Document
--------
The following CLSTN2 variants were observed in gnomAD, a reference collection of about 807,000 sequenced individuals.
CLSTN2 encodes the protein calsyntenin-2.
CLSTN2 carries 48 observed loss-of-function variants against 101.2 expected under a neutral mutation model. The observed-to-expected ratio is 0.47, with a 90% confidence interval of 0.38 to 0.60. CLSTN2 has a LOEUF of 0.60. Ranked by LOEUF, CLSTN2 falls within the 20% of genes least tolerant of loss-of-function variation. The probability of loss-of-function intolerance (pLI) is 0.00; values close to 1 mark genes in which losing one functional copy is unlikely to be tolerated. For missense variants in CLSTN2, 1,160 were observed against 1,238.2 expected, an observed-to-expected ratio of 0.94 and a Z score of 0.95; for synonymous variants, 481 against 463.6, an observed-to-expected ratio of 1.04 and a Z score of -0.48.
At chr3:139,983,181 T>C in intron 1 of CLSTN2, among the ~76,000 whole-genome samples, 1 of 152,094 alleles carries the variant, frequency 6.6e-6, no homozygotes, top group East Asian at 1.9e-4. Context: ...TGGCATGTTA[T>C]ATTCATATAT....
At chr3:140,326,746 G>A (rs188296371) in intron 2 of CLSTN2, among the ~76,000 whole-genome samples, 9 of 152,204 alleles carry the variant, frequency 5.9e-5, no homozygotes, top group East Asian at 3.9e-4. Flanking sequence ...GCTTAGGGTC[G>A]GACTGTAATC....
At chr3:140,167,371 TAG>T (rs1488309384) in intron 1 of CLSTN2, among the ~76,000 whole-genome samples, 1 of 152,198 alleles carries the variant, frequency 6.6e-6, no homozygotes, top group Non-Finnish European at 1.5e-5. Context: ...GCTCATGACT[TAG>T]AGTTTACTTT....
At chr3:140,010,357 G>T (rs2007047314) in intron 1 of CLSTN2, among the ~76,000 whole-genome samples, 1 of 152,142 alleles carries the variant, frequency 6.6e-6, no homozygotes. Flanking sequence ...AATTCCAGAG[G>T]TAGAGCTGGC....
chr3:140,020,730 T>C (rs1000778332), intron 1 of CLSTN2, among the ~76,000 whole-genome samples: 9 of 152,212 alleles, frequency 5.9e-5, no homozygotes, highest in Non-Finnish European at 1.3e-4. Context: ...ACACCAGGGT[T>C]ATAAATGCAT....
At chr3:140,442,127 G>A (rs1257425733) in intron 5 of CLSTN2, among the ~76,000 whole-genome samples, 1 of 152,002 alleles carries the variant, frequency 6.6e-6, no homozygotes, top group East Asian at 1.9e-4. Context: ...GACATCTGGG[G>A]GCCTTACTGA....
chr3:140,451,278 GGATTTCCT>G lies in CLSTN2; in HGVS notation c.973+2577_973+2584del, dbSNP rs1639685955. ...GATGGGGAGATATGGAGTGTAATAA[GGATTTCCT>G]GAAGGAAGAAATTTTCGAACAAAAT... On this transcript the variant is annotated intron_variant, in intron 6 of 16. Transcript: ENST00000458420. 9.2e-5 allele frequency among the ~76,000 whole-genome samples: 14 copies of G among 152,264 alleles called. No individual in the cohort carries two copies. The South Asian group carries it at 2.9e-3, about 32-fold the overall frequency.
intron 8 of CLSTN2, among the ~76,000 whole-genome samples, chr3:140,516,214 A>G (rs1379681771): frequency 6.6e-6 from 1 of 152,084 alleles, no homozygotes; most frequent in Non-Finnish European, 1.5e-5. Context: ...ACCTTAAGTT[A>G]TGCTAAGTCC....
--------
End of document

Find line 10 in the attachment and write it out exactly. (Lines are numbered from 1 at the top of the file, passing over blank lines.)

chr3:140,451,278 GGATTTCCT>G lies in CLSTN2; in HGVS notation c.973+2577_973+2584del, dbSNP rs1639685955. ...GATGGGGAGATATGGAGTGTAATAA[GGATTTCCT>G]GAAGGAAGAAATTTTCGAACAAAAT... On this transcript the variant is annotated intron_variant, in intron 6 of 16. Transcript: ENST00000458420. 9.2e-5 allele frequency among the ~76,000 whole-genome samples: 14 copies of G among 152,264 alleles called. No individual in the cohort carries two copies. The South Asian group carries it at 2.9e-3, about 32-fold the overall frequency.